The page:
Judy Dippel’s Speaking Tips

Judy Dippel’s Checklist of Advice for Speaking Growth and Preparation

Just begin speaking to groups:

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· Speak whenever possible, about what you know and are passionate about

· Seek training you can trust – learn speaking techniques, but always be true to you

· Practice balanced messagesPoints, Instruction, Experience, References (Ref. PIER—CLASS Services; Florence Littauer, Marita Littauer)

Things to consider and questions to ask of the person who contacts you to speak:

· Number of people expected? Demographics? Theme? Length of your presentation – type? (Keynote, interactive, workshop, inspirational, retreat, teaching, etc)

· Ahead of time, provide a written introduction to the person who introduces you.

· Will the audience be provided pens and paper?

· How is the room set up? Lighting? Type of microphone you prefer. (Visualize)

· Can you provide handouts? Does that work logistically for them? Do you need a flipchart, Power Point, other electronics, etc.?

· Dress of group? Dress professionally, but don’t wear a suit if audience will be wearing jeans.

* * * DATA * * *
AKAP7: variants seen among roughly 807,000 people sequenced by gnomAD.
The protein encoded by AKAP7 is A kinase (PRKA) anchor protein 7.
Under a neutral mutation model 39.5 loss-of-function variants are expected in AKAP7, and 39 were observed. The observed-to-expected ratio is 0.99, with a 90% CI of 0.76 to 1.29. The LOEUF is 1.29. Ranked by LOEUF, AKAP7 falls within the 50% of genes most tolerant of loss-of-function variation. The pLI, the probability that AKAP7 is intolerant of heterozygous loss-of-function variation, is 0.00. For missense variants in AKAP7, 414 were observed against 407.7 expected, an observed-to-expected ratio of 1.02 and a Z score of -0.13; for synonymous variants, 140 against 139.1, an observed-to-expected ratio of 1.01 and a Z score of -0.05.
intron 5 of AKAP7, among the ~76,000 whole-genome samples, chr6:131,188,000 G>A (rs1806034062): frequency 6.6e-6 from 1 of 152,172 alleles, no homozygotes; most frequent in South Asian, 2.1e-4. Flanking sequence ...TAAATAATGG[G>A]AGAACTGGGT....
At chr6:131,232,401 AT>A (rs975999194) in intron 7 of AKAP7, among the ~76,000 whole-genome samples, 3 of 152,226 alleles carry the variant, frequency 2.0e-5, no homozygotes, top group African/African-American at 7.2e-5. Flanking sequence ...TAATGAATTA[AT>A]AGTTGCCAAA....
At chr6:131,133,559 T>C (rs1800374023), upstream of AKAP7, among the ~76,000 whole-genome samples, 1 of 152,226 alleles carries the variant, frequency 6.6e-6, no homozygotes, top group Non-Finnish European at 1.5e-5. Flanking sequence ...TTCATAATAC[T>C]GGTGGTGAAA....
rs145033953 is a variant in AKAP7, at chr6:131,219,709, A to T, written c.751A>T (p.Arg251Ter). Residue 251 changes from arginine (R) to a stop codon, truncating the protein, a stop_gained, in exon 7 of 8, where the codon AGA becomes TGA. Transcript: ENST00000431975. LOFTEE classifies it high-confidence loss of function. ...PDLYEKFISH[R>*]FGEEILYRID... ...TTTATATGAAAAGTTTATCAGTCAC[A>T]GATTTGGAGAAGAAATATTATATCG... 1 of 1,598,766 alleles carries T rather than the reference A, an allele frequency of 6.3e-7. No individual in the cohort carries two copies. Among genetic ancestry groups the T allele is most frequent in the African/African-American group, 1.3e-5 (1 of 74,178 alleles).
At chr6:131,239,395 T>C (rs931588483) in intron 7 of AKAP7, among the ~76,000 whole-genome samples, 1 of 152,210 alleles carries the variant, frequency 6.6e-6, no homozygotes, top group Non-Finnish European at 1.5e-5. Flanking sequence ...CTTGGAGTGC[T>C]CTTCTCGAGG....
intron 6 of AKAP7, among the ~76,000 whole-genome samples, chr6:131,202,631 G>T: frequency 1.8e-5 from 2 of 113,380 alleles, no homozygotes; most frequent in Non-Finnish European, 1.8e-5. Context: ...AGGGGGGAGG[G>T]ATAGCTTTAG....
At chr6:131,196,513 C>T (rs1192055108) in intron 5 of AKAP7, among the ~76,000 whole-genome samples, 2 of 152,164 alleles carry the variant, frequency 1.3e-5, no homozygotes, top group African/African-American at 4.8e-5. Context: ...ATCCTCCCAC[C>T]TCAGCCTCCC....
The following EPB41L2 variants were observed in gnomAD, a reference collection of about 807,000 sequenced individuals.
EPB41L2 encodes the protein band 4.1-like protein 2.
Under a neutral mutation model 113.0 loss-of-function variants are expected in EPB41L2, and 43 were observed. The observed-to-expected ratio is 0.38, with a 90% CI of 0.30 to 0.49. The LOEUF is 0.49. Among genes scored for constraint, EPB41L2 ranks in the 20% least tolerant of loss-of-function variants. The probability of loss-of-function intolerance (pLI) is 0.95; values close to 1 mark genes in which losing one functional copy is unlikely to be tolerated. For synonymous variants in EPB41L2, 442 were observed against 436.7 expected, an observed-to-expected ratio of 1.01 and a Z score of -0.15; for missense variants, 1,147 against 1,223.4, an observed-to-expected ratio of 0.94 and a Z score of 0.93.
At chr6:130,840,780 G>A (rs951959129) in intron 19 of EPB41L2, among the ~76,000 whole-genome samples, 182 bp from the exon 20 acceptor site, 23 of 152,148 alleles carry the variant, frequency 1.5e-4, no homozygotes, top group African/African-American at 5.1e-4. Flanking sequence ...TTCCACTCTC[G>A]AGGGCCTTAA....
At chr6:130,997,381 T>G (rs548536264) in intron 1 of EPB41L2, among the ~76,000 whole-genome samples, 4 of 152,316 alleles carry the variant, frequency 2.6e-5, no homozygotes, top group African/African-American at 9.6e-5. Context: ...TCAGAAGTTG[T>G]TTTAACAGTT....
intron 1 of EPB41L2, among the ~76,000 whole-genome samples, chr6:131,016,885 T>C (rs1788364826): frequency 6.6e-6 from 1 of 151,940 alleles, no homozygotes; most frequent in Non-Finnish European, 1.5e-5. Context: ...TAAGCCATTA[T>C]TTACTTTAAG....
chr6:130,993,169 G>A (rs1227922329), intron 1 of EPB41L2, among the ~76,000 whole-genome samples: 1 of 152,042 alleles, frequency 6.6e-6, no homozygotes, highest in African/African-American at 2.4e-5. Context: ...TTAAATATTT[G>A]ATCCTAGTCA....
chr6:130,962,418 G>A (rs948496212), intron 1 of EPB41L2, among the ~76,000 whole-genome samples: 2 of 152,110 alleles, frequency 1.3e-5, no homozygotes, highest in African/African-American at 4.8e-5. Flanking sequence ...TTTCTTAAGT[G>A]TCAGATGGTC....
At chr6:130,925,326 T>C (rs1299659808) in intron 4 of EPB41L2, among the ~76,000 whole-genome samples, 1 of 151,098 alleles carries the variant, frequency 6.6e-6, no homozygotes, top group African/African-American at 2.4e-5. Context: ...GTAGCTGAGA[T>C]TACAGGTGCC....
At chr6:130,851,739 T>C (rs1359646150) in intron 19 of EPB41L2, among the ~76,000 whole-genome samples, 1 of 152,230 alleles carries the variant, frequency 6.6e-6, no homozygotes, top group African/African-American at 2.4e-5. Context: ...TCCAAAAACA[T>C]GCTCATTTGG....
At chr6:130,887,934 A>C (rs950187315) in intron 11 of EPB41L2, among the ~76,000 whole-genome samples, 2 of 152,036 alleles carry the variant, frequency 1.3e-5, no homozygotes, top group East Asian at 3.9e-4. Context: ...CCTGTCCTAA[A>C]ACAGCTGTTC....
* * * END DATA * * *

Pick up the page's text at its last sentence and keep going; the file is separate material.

· Do they have permission to record you? Can they sell recordings of your presentation?

· Can you sell your products? (Books, etc.) Will they provide person to help at the table?

POWER “P” Words for a Professional Presentation:

· Have a powerful beginning and ending

· Make your points have impact: Allow at least 10 minutes for each major point

· Pause: Pause instead of using filler words like, umm, and, uh, etc.

· Pace: Change your speaking pace and voice

· Express your personality and passion, and share personal anecdotes

· Don’t be phony: Audiences are smart, they recognize sincerity and transparency

· Props: Use them if they are comfortable for you—make your points “sink in.”

· Pray: For me, this is essential. I can’t do it without God’s provision.

Nervousness can be helpful, but fear is not —it limits you. Ideas to help you overcome fear:

Arrive ahead of time – talk to people as they come in; connect; chat with them.

Take focus off of yourself: Instead, think about what you are excited to tell them; visualize your success; imagine a person who will appreciate what you say; look in people’s eyes as you speak; see individuals (just like you), not a blob of people. Know they want you to succeed; don’t take yourself too seriously. Laugh!

Practice relaxation techniques before and during presentation: BREATHE, release tension! Move around naturally.

Suggestions: Consider using Mind Mapping Technique, created by Tony Buzan, rather than outlining.

I recommend the book, Present Yourself by Michael J. Gelb

Judy Dippel 2010 www.judydippel.com author, speaker, freelance commercial writer

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